Yesterday I got a call from my pal Adam Starr, a VP of marketing at Caroline. Adam was a big Crass fan when he was young, and the whole ethos behind what they did and their style of anarcho activism was very appealing to him and to his credit, he’s remained a vegan to this day. (I was lucky enough to see Crass live—one of their final shows—when I was 18 and I always hold this over him. I’m bragging about it right now, in fact.) When he called me up raving about a new band he was working with, Ho99o9 (“Horror”), he described their music as “hardcore meets hip-hop” (which made me wince, I must admit, fearing the worst of what those words conjure up) and then he said that one of them has a Crass tattoo and that they seemed to be heavily influenced by Crass in various ways.
At that point my interest was definitely piqued and I said “Yeah, I wanna hear this.” Ho99o9 didn’t disappoint. Just the opposite. Blunt to the head (interpret that however you wish) and with a multi-layered message of militant resistance to the shitshow of current American life. Thought-provoking, and very cool, but also unabashedly fun and notably creative.
Ho99o9—theOGM (Jean) and Yeti Bones (Eaddy)—seem to have an innate understanding of punk iconography and why logos and imagery is so important for fans to connect with a band’s message on an emotional level. The visual side of their image feels fresh and authentic and they look like very modern rockstars. The sound of their new album United States of Horror (via their own Toys Have Powers imprint distributed by Caroline) puts me in mind of the Boredoms, Skinny Puppy or Brainiac at their most abrasive and yes, Bad Brains, although I hasten to add that I say this because both bands are bone-crushingly intense, not because of anything necessarily “Afro punk” related, although there is that, too, naturally.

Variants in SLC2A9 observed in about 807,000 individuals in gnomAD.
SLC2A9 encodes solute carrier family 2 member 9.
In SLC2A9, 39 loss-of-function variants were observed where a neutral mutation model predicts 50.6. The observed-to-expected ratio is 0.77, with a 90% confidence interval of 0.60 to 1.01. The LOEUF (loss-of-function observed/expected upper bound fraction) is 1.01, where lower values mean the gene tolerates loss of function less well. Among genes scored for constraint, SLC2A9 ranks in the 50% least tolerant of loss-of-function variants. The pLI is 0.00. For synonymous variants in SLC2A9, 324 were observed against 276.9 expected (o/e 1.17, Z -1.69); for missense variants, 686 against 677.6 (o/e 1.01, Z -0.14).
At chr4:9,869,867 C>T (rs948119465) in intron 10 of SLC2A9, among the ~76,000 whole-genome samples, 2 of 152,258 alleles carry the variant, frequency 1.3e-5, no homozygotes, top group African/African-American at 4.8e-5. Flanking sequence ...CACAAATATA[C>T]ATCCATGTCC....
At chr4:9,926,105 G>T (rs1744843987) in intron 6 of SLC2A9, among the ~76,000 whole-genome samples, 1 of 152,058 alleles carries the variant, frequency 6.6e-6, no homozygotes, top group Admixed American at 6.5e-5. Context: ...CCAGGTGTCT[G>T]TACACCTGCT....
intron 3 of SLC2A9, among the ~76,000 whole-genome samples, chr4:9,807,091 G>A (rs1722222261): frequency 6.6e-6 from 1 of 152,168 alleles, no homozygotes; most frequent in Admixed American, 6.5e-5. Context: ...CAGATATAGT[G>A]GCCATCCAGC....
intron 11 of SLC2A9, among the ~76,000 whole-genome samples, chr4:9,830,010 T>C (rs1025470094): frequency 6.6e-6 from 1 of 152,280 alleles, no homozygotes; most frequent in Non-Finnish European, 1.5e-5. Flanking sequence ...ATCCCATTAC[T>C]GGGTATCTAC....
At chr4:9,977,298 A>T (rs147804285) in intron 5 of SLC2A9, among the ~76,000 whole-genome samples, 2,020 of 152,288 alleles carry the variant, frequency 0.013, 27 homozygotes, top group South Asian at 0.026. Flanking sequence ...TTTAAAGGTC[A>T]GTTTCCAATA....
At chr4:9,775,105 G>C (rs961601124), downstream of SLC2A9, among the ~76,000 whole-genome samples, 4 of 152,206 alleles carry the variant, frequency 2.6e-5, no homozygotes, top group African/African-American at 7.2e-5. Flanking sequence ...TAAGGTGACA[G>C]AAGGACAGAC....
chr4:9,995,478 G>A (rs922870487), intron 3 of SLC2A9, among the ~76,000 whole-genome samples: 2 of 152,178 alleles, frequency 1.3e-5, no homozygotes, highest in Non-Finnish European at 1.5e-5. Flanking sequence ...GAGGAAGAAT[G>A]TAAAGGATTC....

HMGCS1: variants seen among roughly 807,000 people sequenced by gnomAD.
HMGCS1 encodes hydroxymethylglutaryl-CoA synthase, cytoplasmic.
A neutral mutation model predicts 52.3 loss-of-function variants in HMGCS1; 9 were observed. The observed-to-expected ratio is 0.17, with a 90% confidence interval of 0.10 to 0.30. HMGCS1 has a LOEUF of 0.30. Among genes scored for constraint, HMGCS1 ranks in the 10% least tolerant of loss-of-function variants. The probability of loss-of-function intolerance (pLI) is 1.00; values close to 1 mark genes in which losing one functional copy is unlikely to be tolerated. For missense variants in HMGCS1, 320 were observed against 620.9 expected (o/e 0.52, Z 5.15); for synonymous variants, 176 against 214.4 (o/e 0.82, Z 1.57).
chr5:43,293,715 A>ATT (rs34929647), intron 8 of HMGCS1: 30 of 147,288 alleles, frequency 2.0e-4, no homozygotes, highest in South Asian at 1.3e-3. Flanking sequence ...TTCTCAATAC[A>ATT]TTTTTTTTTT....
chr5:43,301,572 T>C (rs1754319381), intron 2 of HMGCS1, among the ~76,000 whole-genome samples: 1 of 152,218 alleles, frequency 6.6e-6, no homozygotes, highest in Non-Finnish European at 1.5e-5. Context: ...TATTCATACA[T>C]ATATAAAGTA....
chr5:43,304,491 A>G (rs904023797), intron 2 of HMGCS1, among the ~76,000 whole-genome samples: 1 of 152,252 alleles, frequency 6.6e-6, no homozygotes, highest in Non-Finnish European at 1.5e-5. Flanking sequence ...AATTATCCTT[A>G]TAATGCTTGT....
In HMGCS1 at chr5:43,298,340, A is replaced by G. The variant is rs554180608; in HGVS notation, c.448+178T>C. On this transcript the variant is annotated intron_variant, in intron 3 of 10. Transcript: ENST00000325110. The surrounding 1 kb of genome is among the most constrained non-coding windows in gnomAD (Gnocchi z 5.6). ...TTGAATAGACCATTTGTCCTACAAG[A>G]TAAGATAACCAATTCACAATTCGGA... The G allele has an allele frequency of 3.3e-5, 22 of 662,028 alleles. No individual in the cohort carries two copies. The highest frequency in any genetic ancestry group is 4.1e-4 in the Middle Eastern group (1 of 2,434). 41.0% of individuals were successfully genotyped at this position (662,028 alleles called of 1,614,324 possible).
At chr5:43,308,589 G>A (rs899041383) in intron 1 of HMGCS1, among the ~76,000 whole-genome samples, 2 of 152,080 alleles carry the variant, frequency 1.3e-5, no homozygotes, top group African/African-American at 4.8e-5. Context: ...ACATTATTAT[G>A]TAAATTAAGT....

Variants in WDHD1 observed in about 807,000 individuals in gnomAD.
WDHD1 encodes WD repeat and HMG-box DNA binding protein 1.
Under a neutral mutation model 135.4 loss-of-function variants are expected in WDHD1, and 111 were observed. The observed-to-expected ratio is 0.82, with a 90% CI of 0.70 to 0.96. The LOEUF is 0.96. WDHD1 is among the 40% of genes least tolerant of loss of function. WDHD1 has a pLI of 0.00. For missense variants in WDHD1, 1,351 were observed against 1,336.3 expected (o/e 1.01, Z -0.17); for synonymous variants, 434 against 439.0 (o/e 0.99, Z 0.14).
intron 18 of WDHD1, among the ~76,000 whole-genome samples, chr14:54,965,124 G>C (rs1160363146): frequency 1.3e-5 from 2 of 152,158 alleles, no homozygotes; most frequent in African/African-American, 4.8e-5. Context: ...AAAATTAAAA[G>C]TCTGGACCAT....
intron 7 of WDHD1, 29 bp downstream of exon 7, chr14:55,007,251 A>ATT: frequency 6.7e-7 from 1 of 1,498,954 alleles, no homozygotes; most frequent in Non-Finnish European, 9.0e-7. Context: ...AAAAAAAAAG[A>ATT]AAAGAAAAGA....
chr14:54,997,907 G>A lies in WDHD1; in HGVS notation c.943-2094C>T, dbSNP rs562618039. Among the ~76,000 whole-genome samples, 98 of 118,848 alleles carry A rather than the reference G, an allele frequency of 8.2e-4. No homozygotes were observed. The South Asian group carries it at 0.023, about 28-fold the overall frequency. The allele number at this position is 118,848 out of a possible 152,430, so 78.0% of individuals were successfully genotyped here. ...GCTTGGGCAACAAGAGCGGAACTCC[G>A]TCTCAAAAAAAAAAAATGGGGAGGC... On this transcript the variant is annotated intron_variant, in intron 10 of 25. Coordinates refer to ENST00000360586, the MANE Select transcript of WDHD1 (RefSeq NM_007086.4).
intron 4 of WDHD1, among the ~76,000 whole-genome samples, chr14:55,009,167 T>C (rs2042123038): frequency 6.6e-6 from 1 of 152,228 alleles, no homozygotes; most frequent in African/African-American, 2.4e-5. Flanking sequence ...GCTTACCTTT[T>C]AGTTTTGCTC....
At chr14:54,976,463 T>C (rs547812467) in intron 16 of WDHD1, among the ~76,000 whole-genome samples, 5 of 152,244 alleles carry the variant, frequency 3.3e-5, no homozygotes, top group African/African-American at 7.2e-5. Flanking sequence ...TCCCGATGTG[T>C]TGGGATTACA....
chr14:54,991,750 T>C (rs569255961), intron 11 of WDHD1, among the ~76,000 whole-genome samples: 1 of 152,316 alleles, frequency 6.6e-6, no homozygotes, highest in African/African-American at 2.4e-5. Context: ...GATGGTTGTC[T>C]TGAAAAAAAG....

I asked a few question of Ho99o9’s Yeti via email.
Dangerous Minds: During Occupy Wall St. there were so many people asking who “the Bob Dylan of Occupy” was going to be, or at least expecting some new sort of protest music to arrive, but that kind of thing can’t be forced. Now with Trump that same question is getting asked and along come you guys with a new single (and video) that feels like it speaks for a lot of people and channels the angry energy that people are feeling in 2017. Congrats, that ain’t easy to do.
Yeti: It’s not easy to do…. correct, but at the same time it’s not that difficult to do either: Speak your mind, heart, use your voice for what you believe in and how you express your feelings, whether that be something positive or negative. Our music is emotional, dark, chaotic, abrasive, fun, uplifting, and straightforward.
So tell me, how do two young black guys from NJ gravitate towards Crass of all freaking bands?!?
Yeti: Crass’ message was very strong, for a cause, for a fight and they stuck to it, meant what they said and said what they meant. Not your average punk band talking about beer, girls or doing drugs—anybody could talk about that—but what are you doing to better your community, youth and way of life?
What are some of the other influences—musical or otherwise—on what you do?
Yeti: Influences come from all angles, places, emotions and shapes besides music. Walking through Skid Row in downtown LA influences me, seeing over populated starving homeless people for blocks strikes a chord in me, reality stomping its foot on my head. Death influences me, we’re all going to die one day, everybody who reads this is one day going to be buried, only thing that matters is can I smoke a joint in heaven when I’m there?
What’s upcoming for Ho99o9?
Yeti: HORROR WORLD EXTERMINATION! Our first album United States of Horror comes out on May 5th then it’s the bullet train destroying any and everything in sight, bringing people of all ages, gender and color together to have the best time of their lives and spazz the fuck out. U.S. tour in May continuing into Europe/UK in June, July & August. TV? Stay tuned.
Below, the video for “United States of Horror”: